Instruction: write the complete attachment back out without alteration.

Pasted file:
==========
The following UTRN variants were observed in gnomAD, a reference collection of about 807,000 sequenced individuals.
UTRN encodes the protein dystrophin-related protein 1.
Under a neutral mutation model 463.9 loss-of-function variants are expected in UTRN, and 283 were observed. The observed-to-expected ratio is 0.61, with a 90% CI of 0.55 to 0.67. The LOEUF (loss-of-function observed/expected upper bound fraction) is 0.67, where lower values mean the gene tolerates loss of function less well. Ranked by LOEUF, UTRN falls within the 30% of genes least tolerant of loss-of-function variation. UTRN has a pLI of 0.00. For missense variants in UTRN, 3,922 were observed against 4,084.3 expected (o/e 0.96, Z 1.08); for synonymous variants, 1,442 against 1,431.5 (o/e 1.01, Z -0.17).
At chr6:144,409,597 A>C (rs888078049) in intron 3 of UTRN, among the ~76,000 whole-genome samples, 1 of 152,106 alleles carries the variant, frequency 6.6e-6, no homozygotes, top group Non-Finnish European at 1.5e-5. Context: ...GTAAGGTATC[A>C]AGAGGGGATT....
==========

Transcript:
The following UTRN variants were observed in gnomAD, a reference collection of about 807,000 sequenced individuals.
UTRN encodes the protein dystrophin-related protein 1.
Under a neutral mutation model 463.9 loss-of-function variants are expected in UTRN, and 283 were observed. The observed-to-expected ratio is 0.61, with a 90% CI of 0.55 to 0.67. The LOEUF (loss-of-function observed/expected upper bound fraction) is 0.67, where lower values mean the gene tolerates loss of function less well. Ranked by LOEUF, UTRN falls within the 30% of genes least tolerant of loss-of-function variation. UTRN has a pLI of 0.00. For missense variants in UTRN, 3,922 were observed against 4,084.3 expected (o/e 0.96, Z 1.08); for synonymous variants, 1,442 against 1,431.5 (o/e 1.01, Z -0.17).
At chr6:144,409,597 A>C (rs888078049) in intron 3 of UTRN, among the ~76,000 whole-genome samples, 1 of 152,106 alleles carries the variant, frequency 6.6e-6, no homozygotes, top group Non-Finnish European at 1.5e-5. Context: ...GTAAGGTATC[A>C]AGAGGGGATT....